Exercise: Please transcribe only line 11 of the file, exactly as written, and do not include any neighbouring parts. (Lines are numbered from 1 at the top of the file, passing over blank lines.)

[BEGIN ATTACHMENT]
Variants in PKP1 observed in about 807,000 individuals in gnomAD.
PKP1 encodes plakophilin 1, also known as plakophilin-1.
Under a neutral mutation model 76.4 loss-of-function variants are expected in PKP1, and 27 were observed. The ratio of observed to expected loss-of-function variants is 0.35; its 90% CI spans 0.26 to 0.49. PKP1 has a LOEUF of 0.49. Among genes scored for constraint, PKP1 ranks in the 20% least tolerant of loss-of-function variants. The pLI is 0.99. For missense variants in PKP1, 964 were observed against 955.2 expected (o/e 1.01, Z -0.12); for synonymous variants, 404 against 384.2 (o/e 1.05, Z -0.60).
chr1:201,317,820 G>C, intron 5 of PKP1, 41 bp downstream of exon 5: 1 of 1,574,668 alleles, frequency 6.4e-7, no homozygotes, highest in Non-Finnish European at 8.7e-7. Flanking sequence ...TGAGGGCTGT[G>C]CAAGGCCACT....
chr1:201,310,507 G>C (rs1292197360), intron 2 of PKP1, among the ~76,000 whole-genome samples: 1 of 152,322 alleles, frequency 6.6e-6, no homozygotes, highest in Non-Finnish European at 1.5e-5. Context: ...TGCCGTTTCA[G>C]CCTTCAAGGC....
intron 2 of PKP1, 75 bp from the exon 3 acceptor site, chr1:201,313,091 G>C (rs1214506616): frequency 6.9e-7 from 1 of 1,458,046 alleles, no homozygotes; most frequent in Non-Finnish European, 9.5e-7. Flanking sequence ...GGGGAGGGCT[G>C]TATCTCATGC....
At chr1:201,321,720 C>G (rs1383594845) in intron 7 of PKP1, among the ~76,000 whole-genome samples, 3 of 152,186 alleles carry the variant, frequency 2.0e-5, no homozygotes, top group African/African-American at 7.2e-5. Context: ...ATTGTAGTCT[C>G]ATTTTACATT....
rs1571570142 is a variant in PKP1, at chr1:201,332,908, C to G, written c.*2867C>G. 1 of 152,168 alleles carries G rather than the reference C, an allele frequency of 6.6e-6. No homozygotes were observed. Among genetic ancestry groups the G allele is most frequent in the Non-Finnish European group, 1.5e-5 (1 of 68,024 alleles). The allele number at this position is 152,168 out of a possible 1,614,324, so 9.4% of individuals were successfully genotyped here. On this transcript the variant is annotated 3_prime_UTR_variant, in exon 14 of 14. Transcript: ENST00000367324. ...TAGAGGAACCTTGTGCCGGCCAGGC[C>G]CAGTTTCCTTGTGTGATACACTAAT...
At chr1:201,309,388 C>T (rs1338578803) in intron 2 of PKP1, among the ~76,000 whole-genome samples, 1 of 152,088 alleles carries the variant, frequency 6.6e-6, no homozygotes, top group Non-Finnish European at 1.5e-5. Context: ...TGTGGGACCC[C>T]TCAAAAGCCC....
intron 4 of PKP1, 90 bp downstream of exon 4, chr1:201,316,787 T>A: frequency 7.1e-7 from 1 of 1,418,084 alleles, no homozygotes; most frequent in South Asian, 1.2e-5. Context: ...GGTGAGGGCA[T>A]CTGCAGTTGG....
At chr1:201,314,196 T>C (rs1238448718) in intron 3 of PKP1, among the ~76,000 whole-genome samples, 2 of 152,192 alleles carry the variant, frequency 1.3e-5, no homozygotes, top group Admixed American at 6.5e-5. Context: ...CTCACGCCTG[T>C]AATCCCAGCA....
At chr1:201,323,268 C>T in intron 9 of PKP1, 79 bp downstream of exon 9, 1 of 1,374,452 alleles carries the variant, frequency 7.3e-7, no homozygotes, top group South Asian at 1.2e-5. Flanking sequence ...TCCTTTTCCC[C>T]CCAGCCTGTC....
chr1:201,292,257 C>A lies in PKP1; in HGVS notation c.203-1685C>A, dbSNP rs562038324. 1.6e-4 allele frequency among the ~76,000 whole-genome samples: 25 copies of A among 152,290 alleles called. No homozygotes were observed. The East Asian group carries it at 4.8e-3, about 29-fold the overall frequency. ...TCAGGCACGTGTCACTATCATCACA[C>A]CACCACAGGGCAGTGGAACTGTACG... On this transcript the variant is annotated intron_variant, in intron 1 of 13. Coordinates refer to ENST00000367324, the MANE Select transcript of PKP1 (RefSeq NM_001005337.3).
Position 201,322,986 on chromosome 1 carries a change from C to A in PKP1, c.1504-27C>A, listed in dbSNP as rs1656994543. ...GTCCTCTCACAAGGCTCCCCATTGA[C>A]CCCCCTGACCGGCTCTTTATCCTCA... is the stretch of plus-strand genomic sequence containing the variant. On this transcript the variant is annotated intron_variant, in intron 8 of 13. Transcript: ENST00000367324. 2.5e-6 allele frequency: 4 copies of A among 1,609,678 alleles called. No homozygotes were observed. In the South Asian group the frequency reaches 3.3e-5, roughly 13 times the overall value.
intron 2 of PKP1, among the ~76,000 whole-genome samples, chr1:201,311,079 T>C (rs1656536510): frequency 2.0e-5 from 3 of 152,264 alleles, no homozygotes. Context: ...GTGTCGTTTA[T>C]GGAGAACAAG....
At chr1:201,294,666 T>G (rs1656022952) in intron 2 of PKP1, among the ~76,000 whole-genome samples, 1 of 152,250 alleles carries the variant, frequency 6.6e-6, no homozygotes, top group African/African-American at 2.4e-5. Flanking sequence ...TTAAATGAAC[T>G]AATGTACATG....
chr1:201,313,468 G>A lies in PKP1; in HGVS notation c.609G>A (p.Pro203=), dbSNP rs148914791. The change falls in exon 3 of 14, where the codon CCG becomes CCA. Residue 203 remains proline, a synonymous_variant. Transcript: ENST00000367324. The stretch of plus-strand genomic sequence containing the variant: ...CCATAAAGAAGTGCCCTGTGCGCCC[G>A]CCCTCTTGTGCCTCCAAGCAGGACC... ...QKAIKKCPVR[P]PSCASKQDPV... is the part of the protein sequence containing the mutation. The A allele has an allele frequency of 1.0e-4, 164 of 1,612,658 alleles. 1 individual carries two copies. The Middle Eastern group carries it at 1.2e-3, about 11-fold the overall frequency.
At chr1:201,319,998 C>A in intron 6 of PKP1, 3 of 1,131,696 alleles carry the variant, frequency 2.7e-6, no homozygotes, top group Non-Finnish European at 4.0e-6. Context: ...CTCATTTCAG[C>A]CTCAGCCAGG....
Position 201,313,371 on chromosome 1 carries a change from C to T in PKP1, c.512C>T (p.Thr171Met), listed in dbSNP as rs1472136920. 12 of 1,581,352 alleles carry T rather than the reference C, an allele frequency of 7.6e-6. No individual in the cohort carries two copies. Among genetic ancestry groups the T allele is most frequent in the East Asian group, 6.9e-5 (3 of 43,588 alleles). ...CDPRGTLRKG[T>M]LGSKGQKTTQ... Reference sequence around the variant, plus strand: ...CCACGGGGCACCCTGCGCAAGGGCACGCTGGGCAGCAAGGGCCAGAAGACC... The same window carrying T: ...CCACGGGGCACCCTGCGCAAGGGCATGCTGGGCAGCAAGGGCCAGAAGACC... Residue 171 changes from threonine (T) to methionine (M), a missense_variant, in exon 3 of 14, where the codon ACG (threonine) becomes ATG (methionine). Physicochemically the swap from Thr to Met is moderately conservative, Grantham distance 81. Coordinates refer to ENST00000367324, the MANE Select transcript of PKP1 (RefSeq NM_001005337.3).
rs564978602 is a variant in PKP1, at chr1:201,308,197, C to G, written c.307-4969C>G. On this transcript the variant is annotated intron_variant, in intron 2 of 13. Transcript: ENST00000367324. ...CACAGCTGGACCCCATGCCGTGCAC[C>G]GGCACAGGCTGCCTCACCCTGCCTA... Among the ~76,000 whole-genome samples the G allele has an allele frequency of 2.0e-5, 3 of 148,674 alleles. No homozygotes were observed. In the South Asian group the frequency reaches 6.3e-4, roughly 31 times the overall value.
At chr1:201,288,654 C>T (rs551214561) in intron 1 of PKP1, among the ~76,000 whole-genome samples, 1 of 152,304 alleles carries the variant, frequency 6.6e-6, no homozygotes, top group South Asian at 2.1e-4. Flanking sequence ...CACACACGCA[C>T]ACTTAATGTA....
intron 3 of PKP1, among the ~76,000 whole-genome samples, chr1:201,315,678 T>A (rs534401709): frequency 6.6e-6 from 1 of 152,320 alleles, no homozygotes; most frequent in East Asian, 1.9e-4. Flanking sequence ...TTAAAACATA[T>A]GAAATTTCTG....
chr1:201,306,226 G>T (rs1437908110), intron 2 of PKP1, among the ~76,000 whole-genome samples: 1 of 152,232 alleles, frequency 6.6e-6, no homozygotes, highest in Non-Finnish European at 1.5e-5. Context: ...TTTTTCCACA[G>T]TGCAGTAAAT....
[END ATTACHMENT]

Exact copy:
At chr1:201,314,196 T>C (rs1238448718) in intron 3 of PKP1, among the ~76,000 whole-genome samples, 2 of 152,192 alleles carry the variant, frequency 1.3e-5, no homozygotes, top group Admixed American at 6.5e-5. Context: ...CTCACGCCTG[T>C]AATCCCAGCA....